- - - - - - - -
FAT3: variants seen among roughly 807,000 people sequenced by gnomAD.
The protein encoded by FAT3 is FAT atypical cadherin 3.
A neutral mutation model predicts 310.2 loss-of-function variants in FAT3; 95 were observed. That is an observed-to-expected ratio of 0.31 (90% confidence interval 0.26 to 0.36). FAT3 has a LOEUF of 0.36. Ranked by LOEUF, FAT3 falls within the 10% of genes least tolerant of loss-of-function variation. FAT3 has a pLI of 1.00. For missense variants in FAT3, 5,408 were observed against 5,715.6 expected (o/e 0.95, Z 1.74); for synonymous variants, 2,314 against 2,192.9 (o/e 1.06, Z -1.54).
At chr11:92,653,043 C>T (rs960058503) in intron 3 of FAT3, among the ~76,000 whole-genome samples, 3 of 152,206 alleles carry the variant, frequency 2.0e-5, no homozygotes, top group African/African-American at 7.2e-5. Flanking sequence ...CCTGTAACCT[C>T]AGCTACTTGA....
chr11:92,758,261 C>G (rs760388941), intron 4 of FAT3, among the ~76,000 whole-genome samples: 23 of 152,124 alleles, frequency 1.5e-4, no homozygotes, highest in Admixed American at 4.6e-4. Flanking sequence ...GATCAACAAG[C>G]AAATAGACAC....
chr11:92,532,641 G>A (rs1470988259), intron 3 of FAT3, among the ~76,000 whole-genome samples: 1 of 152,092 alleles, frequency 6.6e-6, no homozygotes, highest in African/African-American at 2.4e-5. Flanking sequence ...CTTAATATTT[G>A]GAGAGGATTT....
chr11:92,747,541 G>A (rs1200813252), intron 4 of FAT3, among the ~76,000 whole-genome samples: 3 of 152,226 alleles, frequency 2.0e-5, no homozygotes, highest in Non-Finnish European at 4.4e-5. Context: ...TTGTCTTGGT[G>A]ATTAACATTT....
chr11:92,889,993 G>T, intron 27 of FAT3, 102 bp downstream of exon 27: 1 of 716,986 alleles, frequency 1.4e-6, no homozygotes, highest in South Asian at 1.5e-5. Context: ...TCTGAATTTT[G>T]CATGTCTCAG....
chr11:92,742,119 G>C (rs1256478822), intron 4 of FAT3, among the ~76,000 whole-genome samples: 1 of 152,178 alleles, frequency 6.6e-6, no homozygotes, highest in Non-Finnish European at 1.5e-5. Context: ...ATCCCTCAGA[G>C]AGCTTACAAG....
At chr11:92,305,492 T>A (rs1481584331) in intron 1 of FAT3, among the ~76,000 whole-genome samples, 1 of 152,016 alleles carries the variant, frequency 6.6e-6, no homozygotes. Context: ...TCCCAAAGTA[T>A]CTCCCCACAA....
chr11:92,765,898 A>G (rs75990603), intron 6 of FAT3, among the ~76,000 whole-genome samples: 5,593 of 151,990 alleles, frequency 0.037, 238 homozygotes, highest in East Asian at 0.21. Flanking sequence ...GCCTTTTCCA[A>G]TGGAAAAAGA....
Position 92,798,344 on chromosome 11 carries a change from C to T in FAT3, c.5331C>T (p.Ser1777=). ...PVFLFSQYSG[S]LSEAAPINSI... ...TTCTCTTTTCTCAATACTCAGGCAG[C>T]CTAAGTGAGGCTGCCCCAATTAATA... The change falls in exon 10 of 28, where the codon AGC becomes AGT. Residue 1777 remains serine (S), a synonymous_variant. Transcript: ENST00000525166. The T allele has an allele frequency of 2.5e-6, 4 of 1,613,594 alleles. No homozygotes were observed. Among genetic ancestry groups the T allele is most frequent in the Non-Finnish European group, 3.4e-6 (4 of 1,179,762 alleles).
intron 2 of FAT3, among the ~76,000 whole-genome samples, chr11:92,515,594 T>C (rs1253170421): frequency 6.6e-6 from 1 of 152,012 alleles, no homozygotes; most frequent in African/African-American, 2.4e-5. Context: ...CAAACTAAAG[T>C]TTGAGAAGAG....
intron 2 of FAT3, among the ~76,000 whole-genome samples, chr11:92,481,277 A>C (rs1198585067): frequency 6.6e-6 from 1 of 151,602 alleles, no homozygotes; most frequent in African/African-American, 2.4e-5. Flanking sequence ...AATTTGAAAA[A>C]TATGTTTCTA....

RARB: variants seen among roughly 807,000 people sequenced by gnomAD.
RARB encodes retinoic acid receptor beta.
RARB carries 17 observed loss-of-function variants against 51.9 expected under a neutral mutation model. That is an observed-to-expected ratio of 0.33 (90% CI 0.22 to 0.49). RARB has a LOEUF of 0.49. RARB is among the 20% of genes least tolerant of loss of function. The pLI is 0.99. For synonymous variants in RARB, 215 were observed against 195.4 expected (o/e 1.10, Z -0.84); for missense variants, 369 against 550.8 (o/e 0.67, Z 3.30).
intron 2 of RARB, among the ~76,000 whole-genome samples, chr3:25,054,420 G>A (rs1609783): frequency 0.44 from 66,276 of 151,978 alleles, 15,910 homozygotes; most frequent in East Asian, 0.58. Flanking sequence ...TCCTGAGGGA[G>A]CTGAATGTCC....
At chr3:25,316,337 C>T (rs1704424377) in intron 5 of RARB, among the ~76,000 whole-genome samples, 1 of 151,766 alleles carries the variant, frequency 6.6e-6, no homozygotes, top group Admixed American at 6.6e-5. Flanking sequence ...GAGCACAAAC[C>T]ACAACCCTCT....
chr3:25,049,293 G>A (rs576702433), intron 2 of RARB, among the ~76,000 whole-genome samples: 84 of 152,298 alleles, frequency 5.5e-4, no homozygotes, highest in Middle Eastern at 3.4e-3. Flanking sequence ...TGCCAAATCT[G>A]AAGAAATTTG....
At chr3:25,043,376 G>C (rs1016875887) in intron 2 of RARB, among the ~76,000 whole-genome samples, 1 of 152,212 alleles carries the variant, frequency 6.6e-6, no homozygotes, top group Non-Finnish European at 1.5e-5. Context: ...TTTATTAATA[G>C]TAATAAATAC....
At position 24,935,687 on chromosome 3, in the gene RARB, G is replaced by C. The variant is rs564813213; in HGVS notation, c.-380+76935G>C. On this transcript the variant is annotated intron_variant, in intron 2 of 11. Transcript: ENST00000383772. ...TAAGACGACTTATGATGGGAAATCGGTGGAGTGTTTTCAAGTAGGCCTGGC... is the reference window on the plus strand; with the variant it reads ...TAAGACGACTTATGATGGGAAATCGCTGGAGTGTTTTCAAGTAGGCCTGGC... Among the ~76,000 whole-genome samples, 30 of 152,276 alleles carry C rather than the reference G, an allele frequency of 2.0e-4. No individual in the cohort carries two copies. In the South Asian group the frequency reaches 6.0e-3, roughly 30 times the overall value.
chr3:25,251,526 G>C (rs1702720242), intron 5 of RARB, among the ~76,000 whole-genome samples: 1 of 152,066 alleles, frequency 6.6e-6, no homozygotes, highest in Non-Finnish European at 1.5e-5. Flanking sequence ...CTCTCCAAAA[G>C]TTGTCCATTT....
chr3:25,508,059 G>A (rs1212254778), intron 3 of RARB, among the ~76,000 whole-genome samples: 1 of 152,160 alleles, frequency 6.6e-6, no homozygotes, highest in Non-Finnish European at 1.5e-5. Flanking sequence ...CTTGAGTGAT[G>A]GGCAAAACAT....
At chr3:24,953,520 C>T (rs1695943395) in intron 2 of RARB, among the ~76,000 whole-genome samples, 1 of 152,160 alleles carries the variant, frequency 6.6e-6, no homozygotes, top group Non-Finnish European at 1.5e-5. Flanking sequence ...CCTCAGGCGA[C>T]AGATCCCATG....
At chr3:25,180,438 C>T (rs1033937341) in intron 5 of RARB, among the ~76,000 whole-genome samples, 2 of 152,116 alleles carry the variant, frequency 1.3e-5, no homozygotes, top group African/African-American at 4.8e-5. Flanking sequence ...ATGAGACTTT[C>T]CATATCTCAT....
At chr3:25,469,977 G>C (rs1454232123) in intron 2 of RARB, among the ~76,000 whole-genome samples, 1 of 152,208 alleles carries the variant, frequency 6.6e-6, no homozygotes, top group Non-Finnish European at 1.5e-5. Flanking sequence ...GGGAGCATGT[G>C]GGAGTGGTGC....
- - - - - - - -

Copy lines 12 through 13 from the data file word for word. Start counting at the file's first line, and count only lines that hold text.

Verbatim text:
Position 92,798,344 on chromosome 11 carries a change from C to T in FAT3, c.5331C>T (p.Ser1777=). ...PVFLFSQYSG[S]LSEAAPINSI... ...TTCTCTTTTCTCAATACTCAGGCAG[C>T]CTAAGTGAGGCTGCCCCAATTAATA... The change falls in exon 10 of 28, where the codon AGC becomes AGT. Residue 1777 remains serine (S), a synonymous_variant. Transcript: ENST00000525166. The T allele has an allele frequency of 2.5e-6, 4 of 1,613,594 alleles. No homozygotes were observed. Among genetic ancestry groups the T allele is most frequent in the Non-Finnish European group, 3.4e-6 (4 of 1,179,762 alleles).
intron 2 of FAT3, among the ~76,000 whole-genome samples, chr11:92,515,594 T>C (rs1253170421): frequency 6.6e-6 from 1 of 152,012 alleles, no homozygotes; most frequent in African/African-American, 2.4e-5. Context: ...CAAACTAAAG[T>C]TTGAGAAGAG....